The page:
At the start of a divorce, emotions are often high and one spouse may want the other excluded from the home they once shared. When I first meet with clients, I let them know that this will not typically occur right away without evidence that domestic abuse has occurred, as defined under Minn. Stat. § 518B.01, subd. 2.a., which states:
“Domestic abuse” means the following, if committed against a family or household member by a family or household member:
- physical harm, bodily injury, or assault;
- the infliction of fear of imminent physical harm, bodily injury, or assault; or
- terroristic threats, within the meaning of section 609.713, subdivision 1; criminal sexual conduct, within the meaning of section 609.342, 609.343, 609.344, 609.345, or 609.3451; or interference with an emergency call within the meaning of section 609.78, subdivision 2.
What legal options are available?
A party could attempt to get a Harassment Restraining Order (HRO); however, in my experience, in an on-going divorce situation, it is very difficult to convince a Court that harassment, as defined in Minn. § Stat. 609.748., has occurred. Courts understand that couples getting a divorce sometimes do not say nice things to one another, therefore there has to be a substantial showing to the Court before the Court would consider issuing an HRO.
Without an agreement between the two parties that one of the two will leave the home, a Court Order would be needed to exclude the responding party from the home. If the parties do not agree about one of the parties leaving the marital homestead, a party could attempt to raise the request that one of the parties being Ordered to leave the home through a temporary motion.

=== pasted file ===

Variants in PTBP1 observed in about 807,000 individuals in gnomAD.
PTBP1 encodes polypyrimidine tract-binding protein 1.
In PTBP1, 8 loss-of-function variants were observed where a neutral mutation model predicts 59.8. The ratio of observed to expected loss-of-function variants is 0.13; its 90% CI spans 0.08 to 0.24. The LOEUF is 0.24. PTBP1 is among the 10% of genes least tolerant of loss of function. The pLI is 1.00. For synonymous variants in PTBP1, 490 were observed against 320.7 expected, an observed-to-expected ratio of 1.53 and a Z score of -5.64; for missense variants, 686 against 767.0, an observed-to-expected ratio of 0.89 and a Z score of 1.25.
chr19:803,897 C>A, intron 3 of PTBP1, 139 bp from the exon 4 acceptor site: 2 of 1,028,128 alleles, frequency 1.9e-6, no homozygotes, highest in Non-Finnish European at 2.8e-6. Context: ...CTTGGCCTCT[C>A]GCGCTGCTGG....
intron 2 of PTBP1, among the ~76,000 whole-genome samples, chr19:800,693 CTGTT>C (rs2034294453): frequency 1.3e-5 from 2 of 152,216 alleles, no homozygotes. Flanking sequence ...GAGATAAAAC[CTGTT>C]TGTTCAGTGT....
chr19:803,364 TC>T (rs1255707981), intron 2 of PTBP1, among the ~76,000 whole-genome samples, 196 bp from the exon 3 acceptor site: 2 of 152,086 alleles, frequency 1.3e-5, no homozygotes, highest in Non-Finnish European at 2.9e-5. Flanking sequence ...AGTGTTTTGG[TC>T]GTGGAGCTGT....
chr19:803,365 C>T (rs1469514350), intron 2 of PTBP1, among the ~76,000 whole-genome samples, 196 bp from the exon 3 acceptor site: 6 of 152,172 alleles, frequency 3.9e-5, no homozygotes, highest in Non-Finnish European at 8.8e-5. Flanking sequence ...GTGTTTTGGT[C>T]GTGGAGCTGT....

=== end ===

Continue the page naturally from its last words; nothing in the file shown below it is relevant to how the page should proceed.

Temporary motions are very costly, both financially and emotionally, as the paperwork that is done for the hearing and time the attorney prepares for and argues at the hearing is extremely expensive. Often, the allegations set forth in the temporary paperwork can cause the parties to raise extremely negative things about the other, causing the likelihood of later settlement to decrease.
Also, most Courts will want the parties to attempt settlement before scheduling a temporary motion. Absent a temporary hearing, and/or agreement of the parties, the parties may need to wait until a final decision is made by the Court to see who is awarded the home and who is excluded.
What you can do
Excluding a party from the home is a difficult process, and one that the Court does not take lightly, especially if children are involved and both the parents are in the home at the initiation of the divorce. If you would like to talk about the options open to you, each of the attorneys at Clausen & Hassan are ready to assist you in taking on this challenge. The first steps can be hard and the path ahead may not get any easier, yet I know from experience that those who have come to me have not only made it through, but embarked upon a new chapter in their lives.